Tuesday, July 20, 2010

Column #18: Facebook can be a mundane fantasy world

My friend Justin posted a status update last week: “When Robin and I get home for the evening, we don't talk about our respective days. We like to talk about what you, our Facebook friends, have been doing today. Thanks.”

After laughing out loud (which is what I do in real life; I tend to reserve my “LOL”ing for online conversations about “The Family Circus” or local music festivals), I thought about what might have stimulated this obviously sarcastic post.

Though a walk through any office or school today makes it seem like everyone in the world uses Facebook, there’s still a billion folks who don’t. Most of my relatives don’t.

Aside from the time commitment, the complaints I hear from non-users are usually of the “I don’t want some kid I went to third grade with wanting to be my ‘friend’” variety - though most of these same people would otherwise enjoy seeing that popular jock from high school as a 38-year-old fattie, if it were in an alumni newsletter.

What’s sad about such pictures is that social sites such as this offer people a place to present a better version of themselves, and yet most don’t even understand how to do so.

Facebook is where you can try to convince others of the fantasy that you are more awesome than them. If a documentary film is like real life without the boring parts, then Facebook is like real life without the boring parts, and without people getting to hear how annoying your voice is, how often you nervously play with your hair and how bad you look in profile.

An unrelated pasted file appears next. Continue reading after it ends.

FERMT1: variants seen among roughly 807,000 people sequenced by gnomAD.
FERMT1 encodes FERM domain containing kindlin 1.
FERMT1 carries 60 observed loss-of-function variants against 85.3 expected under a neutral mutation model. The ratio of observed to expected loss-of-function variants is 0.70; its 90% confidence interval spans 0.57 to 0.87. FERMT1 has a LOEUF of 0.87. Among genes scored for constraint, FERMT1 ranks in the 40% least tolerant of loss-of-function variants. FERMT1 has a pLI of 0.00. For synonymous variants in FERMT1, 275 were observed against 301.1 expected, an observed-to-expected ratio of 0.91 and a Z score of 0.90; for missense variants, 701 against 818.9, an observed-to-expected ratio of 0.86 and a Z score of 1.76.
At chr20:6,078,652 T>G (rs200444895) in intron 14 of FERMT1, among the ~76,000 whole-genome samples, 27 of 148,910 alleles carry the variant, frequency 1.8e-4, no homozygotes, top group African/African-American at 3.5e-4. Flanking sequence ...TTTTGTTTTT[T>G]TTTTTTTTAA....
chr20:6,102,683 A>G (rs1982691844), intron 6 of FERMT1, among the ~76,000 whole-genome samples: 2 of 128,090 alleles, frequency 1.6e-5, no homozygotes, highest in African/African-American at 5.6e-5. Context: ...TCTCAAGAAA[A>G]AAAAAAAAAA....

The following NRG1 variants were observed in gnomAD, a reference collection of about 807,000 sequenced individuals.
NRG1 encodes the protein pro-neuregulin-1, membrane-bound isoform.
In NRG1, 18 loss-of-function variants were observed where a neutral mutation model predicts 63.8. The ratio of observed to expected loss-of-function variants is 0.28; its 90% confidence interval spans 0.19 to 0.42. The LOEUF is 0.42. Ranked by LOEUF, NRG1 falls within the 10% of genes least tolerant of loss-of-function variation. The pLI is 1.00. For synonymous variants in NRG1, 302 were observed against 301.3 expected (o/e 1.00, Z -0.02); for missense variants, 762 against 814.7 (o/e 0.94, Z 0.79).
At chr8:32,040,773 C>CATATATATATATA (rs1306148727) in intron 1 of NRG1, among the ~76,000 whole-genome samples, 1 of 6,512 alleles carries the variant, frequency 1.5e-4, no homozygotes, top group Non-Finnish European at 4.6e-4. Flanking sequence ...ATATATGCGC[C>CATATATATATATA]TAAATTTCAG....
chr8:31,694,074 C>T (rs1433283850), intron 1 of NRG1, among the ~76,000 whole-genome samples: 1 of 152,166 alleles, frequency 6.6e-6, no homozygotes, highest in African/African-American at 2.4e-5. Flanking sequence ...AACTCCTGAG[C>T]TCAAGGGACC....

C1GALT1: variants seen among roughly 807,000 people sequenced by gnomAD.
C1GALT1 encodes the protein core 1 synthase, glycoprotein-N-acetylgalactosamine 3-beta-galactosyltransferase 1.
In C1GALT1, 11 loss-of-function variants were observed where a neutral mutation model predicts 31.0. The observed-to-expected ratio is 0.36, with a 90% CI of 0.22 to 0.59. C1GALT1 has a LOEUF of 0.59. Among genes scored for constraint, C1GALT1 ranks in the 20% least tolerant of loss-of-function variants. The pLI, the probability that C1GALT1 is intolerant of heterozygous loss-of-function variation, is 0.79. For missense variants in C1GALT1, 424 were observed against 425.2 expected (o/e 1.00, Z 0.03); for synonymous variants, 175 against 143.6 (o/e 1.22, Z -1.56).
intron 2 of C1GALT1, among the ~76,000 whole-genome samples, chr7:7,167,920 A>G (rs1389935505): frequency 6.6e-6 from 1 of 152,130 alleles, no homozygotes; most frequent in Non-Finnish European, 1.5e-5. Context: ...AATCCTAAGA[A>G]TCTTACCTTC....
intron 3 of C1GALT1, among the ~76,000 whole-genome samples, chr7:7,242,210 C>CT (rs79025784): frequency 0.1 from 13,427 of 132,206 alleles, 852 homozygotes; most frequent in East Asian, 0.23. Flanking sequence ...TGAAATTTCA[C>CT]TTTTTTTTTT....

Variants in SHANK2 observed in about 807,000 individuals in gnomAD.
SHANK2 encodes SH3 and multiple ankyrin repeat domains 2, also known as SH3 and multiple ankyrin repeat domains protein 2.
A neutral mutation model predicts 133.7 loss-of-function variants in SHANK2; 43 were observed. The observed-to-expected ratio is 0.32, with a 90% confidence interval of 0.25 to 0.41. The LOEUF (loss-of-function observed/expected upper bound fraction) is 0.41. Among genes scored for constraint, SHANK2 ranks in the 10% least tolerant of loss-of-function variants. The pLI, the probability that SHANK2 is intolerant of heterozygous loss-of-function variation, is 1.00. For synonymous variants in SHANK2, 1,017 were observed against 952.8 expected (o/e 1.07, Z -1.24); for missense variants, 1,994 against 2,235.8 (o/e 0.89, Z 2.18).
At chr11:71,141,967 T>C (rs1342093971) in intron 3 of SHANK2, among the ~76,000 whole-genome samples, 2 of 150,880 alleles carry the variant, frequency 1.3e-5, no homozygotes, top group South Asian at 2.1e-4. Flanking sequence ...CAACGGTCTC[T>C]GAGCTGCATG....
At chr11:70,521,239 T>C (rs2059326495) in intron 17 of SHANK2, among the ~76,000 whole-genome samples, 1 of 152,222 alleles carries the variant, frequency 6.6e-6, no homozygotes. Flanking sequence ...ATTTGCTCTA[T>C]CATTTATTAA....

Yet most merely bombard us, their friends, with updates such as “I wish I was at home instead of work,” “It really is hot today!” and “I’m hungry.”

I use it primarily to learn about events - music, art, beer, anything fun and occasionally charitable. If I could get that information without having to read five opinions of a basketball game, I would.

Such updates often serve to remind me that I’m not missing much in the real world. But hey, have fun at that late night dance party, guy I used to work with five years ago. I’ll see your pictures in the morning.

Facebook holdouts don’t listen to me when I tell them that I rarely get messaged by old classmates. The holdouts talk about privacy, but don’t want to acknowledge that information about everyone can be found online, somewhere, whether we like it or not.

If you don’t want non-friends to see what you’re up to, it’s easy to quickly learn how to hide one’s ostensibly personal information on Facebook. As an old married man, I don’t care if my parents or bosses see what I’m up to. Even when I was younger and making stupid choices in public, I stayed out of pictures that might embarrass me.

Why are so many thrilled about typing their lunch into this website? Talking about what you ate, seemingly to make others jealous of how much better you’re eating than them, is not charming. It’s like seeing a Food Network program without any explanations or recipes, let alone pretty pictures.

It’s the jealousy angle that fascinates me the most. I don’t get why people think writing, “On the beach in Hawaii. Sooo beautiful!” is helping anyone. The rest of us just hate you for having something that we all want.

I post pictures of trips online, though I worry a little about alienating others. There’s a big difference, though, between seeing a beautiful sunset – or a double rainbow – and merely reading about one. Same with that huge burrito you had for lunch. If it’s so special, why don’t you take a picture of it? The kids on the playground tell me that it’ll last longer.

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